Plaintiff alleges that she was subjected to insults regarding her ethnic dialect. Id. at 4. She alleges that “[t]he notion that Black people are unclean was a frequent theme of the speech and behavior of Plaintiff's white coworkers.” Plaintiff alleges that at least three times per day, from November 2014 to August 2015, five of her white coworkers would disinfect items that she had touched as soon as she left her workstation. The white coworkers did not similarly clean or disinfect items that had been touched by each other. Plaintiff alleges that during 2014 and 2015, on at least 60 occasions, two of her white coworkers, in her presence, stereotyped African medical staff as “stinking” and not bathing. Id.

         Plaintiff further alleges that because of her race and her “Louisiana roots, ” coworkers stereotyped her as being a practitioner of voodoo. In May 2014, a coworker loudly called her a “Louisiana voodoo ass.” Id. Plaintiff claims that on at least five occasions in 2015 one of the white coworkers, who habitually disinfected items she had touched, taunted Plaintiff because of her race with verbiage about hexes and voodoo dolls. Plaintiff alleges that she had been warned about that coworker's “skinhead” background. Id. Plaintiff alleges that she complained to management but no remedial action was taken. Id. at 5.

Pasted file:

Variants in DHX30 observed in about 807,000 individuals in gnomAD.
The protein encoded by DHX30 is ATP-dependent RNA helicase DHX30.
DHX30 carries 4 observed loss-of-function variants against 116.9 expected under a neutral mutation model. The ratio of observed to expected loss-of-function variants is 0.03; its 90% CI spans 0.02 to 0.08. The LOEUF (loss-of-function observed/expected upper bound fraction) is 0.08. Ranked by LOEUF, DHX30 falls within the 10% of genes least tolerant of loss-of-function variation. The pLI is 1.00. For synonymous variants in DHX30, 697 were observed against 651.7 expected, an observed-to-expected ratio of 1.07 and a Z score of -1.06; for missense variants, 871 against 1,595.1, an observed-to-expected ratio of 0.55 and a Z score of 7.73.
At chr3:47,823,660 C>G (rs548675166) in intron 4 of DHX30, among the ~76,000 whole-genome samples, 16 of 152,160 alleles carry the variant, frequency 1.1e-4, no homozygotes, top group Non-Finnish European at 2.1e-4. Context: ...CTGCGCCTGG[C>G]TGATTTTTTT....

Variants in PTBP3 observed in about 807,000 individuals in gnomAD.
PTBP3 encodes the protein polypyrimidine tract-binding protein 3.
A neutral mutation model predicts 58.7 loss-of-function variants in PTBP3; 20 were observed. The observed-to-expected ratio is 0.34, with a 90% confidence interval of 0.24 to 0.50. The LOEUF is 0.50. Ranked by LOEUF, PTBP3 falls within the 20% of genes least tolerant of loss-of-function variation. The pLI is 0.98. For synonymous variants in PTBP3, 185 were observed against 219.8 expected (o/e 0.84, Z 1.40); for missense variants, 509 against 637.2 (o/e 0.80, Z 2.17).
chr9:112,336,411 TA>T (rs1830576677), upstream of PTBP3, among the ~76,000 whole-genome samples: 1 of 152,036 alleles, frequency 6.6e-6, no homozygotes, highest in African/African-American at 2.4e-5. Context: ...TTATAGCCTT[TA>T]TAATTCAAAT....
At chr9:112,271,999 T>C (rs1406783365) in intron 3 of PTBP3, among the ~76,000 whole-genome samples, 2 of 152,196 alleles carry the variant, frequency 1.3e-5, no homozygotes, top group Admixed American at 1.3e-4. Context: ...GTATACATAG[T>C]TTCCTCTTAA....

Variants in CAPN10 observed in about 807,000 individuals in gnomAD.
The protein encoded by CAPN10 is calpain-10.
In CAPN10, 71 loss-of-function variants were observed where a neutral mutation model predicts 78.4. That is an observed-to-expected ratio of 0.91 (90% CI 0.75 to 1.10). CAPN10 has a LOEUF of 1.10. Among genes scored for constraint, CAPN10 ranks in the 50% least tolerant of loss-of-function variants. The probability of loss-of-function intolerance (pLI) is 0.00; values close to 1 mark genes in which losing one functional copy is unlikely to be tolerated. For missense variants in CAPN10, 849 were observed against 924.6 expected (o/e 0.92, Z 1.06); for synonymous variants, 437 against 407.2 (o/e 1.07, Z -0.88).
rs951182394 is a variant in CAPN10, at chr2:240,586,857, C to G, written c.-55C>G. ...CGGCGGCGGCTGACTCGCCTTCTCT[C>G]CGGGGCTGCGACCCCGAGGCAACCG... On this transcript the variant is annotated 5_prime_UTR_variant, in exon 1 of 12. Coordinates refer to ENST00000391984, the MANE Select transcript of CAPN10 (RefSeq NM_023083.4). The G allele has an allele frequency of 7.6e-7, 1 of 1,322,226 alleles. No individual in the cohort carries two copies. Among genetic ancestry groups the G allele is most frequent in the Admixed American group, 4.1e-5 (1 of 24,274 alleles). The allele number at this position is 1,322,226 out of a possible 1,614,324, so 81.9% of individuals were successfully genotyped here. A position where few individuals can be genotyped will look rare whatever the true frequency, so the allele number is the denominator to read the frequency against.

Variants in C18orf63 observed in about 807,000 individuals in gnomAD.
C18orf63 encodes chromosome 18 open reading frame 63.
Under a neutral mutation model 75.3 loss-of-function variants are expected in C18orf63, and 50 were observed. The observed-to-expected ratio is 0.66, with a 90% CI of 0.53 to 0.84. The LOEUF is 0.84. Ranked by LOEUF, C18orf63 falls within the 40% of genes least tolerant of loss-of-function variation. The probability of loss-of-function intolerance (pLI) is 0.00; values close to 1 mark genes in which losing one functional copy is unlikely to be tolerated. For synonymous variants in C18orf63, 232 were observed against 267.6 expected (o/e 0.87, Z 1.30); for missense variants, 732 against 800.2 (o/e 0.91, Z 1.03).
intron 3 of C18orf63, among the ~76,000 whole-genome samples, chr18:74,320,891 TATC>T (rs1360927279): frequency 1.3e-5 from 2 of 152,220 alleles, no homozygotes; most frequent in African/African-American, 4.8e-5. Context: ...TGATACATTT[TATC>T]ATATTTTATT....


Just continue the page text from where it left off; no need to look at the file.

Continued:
The Court previously denied Defendant's motion to dismiss the Second Amended Complaint, in which Defendant again argued that Plaintiff failed to state a hostile work environment claim. ECF. No. 51. Defendant now contends that it is entitled to summary judgment because Plaintiff cannot show that she was subjected to harassment based upon her race, or that the harassment was sufficiently severe or pervasive to alter the terms and conditions of employment and create a discriminatorily abusive working environment. ECF No. 63.


         Pursuant to Federal Rule of Civil Procedure 56(a), the entry of summary judgment is appropriate only when the Court is satisfied that “there is no genuine dispute as to any material fact and that the movant is entitled to a judgment as a matter of law.” In applying this standard, the Court must examine the pleadings, depositions, answers to interrogatories, and admissions on file, together with any affidavits and other evidence in the record "in the light most favorable to the non-moving party." Samples on Behalf of Samples v. Atlanta, 846 F.2d 1328, 1330 (11th Cir. 1988). “In determining whether summary judgment is appropriate, [the Court is] required to draw all reasonable inferences in favor of the non-moving party, not all possible inferences.” Horn v. United Parcel Services, Inc. 433 Fed.Appx. 788, 796 (11th Cir. 2011) (emphasis added).[1]